It’s spring and that makes me think of Baseball. I grew up in San Diego just up the hill from the old Padre’s stadium in Mission Valley, in fact, we could watch the fireworks from our front yard. We went to many Padre’s games as kids – baseball was a lot cheaper back then. I moved around quite a bit, lost my connection to a specific team and got busy with my career. About ten years ago that changed. I moved to Charlotte and became buddies with a guy who is a die-hard Cardinals fan, and a big baseball fan in general. We started traveling to a different park each year, and have checked off several over the years.
We usually add one park per year, but we did pull off a double on one trip. Generally we add in a few days of hiking, and the location was Yosemite, so we started looking at schedules and realized we could start in San Francisco, get in a visit to AT&T Park, hike for a few days and then drive down to LA to pickup a Dodger game before hitting the red-eye home. We had a plan. I’ll cover Yosemite and LA another time.
A few hints I have learned traveling to San Francisco. You don’t need, or want a car. The parking is difficult and expensive and the public transit is great. Always have a jacket or rain shell with you, even in the summer it will be cool. If the food looks interesting, try it! During the summer, if you want to do something popular – buy your tickets in advance. Don’t plan every minute, wander around and take in the town. San Francisco really is a town best explored on foot. Decide what your key focus is for your visit and stay close by.
In other trips I have stayed on the north side of town close to Fisherman’s Wharf, but this trip was about baseball and was only one night in town before heading to the mountains. Oh, if you are leaving out of San Francisco via rental car, pick it up downtown, it will save you rental fees and save you parking while you are in town.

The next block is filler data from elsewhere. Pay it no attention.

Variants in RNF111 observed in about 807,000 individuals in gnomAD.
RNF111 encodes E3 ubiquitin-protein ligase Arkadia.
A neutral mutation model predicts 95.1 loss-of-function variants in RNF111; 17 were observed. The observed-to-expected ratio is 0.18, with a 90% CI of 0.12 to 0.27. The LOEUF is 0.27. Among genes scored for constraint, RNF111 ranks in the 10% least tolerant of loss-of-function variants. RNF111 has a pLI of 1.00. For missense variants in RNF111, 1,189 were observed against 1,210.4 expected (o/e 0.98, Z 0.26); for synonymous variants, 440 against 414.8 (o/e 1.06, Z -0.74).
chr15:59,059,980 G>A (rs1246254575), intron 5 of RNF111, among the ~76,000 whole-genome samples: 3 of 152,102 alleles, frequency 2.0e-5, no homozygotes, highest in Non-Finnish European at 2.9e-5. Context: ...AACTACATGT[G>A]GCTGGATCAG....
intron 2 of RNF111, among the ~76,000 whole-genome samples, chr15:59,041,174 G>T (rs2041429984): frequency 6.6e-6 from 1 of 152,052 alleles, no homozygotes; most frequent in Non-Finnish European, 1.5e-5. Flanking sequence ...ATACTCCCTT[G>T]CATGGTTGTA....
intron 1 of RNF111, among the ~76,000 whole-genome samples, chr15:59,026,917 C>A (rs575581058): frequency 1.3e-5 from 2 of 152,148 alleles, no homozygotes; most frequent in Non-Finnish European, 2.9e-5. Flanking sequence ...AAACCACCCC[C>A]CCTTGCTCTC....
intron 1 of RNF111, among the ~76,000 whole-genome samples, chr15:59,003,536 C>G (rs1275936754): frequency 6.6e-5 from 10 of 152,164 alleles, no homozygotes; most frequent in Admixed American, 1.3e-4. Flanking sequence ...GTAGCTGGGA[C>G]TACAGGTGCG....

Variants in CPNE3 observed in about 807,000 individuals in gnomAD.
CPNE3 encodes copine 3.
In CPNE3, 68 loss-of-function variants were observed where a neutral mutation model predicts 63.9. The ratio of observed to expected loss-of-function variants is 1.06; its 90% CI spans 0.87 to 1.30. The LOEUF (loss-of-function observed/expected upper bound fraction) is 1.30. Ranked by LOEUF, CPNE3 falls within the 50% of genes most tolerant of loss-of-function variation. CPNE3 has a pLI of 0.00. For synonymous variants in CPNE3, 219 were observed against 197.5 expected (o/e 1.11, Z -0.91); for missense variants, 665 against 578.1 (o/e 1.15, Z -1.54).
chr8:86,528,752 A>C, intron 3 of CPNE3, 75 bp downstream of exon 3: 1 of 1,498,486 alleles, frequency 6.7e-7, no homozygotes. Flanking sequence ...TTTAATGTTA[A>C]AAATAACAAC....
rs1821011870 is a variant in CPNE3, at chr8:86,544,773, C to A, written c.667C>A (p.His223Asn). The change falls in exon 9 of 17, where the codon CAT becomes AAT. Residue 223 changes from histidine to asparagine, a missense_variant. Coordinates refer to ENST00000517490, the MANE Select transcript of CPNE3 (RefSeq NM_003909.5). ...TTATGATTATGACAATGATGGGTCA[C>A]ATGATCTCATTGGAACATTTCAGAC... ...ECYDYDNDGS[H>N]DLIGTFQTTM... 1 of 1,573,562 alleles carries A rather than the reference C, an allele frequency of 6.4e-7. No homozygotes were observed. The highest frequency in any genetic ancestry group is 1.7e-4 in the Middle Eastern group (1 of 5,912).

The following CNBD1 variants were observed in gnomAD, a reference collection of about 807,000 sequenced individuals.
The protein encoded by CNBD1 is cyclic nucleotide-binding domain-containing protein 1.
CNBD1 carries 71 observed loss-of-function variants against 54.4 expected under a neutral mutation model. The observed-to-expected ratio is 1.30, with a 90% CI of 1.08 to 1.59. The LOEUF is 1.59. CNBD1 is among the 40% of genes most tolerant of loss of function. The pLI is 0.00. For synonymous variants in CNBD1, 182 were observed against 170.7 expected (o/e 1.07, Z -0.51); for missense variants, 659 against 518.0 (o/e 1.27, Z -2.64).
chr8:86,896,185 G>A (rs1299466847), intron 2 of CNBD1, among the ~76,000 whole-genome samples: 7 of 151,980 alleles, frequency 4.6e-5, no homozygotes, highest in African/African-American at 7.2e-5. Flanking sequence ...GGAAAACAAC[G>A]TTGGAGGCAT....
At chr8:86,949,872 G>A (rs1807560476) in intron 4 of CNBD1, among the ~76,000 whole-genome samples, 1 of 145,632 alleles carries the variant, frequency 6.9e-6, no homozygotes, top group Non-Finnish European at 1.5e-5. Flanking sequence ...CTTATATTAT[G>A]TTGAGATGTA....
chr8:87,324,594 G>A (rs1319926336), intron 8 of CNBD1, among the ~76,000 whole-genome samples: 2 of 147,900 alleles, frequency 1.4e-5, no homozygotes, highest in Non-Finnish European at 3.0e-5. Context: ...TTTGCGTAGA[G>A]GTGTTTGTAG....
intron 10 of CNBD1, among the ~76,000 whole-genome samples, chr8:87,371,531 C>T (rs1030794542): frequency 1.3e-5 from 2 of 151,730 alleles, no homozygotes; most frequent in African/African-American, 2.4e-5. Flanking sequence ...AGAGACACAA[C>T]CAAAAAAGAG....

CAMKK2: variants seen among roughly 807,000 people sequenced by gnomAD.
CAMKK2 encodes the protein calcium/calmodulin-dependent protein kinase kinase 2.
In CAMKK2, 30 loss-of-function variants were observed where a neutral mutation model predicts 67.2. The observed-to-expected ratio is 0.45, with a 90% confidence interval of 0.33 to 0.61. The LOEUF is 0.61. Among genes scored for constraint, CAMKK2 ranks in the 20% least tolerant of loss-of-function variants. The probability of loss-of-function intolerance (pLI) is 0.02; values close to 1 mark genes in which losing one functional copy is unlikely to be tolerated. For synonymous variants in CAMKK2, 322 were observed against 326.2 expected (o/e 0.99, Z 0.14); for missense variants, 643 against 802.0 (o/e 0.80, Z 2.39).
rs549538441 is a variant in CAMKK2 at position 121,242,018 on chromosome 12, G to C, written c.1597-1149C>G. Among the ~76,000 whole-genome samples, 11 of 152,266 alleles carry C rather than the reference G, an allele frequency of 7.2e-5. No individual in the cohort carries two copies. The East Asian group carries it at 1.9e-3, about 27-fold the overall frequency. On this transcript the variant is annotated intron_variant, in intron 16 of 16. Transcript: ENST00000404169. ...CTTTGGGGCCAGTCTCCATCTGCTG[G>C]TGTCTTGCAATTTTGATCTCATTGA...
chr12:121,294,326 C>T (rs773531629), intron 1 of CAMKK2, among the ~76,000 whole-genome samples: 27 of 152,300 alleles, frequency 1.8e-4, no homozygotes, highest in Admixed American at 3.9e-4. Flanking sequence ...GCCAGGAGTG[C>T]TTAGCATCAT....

A cab to downtown is a great option and makes the journey easy. The hotel on this trip was the Hilton San Francisco Union Square. Great location and a great staff. There are deals available if you look for them. San Francisco is an expensive city for hotels, but the Hilton was a good deal for location and price.
We had a few hours to wander around exploring town in the afternoon before the game. This is one part of town I hadn’t spent too much time in and enjoyed exploring. This city is one of surprises to me. Those four-foot tall keys set into the sidewalk was just one of the little things you come across that makes you chuckle Off to the game. The walk to the park was a few blocks, but enjoyable.
On to AT&T Park
AT&T Park is a great ballpark. It consistently ranks as one of the best in the nation and it deserves the ranking. Opening in 2000, the park is one of the new generation of park meant to make you feel like you are in an old-school park. The park offers daily tours. When you arrive at the park, take some time to explore the entry area. There is a statue honoring Willie Mays at one of the entrances. The staff, and the fans, make the visit a pleasure. Wrigley Field was on of the parks that inspired the designers and the park and the design was also influenced by Camden Yards and Coors Field.
The Giants are a team that I have seen play in four other parks on trip – it has become a comic coincidence that we have seen the Giants as the visiting team in Seattle, Oakland, Denver and Chicago Wrigley. I can’t say I’m a die-hard Giants fan, but have come to really enjoy seeing them play.
I’m still working to check off all the MLB parks. I have the West Coast completed, Wrigley Field, Coors Field, the old Yankees Park plus a few others and still pick off a park each year. My wife and I are expecting our first child this summer, so traveling around the country visiting baseball parks isn’t high on the priority list, but she knew about this problem when she married me 😉